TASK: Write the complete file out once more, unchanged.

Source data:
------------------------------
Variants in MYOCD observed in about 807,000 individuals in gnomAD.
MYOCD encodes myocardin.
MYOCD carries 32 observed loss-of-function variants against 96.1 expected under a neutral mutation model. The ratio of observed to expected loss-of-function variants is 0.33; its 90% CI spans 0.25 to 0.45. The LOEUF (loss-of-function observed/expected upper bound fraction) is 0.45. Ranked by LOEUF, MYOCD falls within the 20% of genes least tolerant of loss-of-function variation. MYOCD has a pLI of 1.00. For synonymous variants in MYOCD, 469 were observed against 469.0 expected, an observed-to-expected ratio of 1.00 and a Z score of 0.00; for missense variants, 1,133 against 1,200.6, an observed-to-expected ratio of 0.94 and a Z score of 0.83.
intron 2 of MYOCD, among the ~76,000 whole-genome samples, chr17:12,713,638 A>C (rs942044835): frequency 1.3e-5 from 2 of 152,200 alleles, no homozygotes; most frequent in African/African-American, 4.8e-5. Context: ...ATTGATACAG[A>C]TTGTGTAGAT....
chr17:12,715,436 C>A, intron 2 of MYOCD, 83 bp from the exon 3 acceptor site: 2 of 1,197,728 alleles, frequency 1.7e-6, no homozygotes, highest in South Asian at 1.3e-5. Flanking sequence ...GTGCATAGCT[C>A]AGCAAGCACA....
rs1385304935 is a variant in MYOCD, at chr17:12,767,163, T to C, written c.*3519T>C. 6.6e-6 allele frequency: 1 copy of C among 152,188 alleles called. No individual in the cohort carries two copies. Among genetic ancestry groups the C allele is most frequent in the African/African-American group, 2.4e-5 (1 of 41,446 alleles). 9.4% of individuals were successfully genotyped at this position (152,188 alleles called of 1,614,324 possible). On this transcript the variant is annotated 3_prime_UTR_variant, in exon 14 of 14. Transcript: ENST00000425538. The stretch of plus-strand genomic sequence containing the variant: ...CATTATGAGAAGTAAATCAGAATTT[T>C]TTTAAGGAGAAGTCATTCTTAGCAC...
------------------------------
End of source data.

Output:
Variants in MYOCD observed in about 807,000 individuals in gnomAD.
MYOCD encodes myocardin.
MYOCD carries 32 observed loss-of-function variants against 96.1 expected under a neutral mutation model. The ratio of observed to expected loss-of-function variants is 0.33; its 90% CI spans 0.25 to 0.45. The LOEUF (loss-of-function observed/expected upper bound fraction) is 0.45. Ranked by LOEUF, MYOCD falls within the 20% of genes least tolerant of loss-of-function variation. MYOCD has a pLI of 1.00. For synonymous variants in MYOCD, 469 were observed against 469.0 expected, an observed-to-expected ratio of 1.00 and a Z score of 0.00; for missense variants, 1,133 against 1,200.6, an observed-to-expected ratio of 0.94 and a Z score of 0.83.
intron 2 of MYOCD, among the ~76,000 whole-genome samples, chr17:12,713,638 A>C (rs942044835): frequency 1.3e-5 from 2 of 152,200 alleles, no homozygotes; most frequent in African/African-American, 4.8e-5. Context: ...ATTGATACAG[A>C]TTGTGTAGAT....
chr17:12,715,436 C>A, intron 2 of MYOCD, 83 bp from the exon 3 acceptor site: 2 of 1,197,728 alleles, frequency 1.7e-6, no homozygotes, highest in South Asian at 1.3e-5. Flanking sequence ...GTGCATAGCT[C>A]AGCAAGCACA....
rs1385304935 is a variant in MYOCD, at chr17:12,767,163, T to C, written c.*3519T>C. 6.6e-6 allele frequency: 1 copy of C among 152,188 alleles called. No individual in the cohort carries two copies. Among genetic ancestry groups the C allele is most frequent in the African/African-American group, 2.4e-5 (1 of 41,446 alleles). 9.4% of individuals were successfully genotyped at this position (152,188 alleles called of 1,614,324 possible). On this transcript the variant is annotated 3_prime_UTR_variant, in exon 14 of 14. Transcript: ENST00000425538. The stretch of plus-strand genomic sequence containing the variant: ...CATTATGAGAAGTAAATCAGAATTT[T>C]TTTAAGGAGAAGTCATTCTTAGCAC...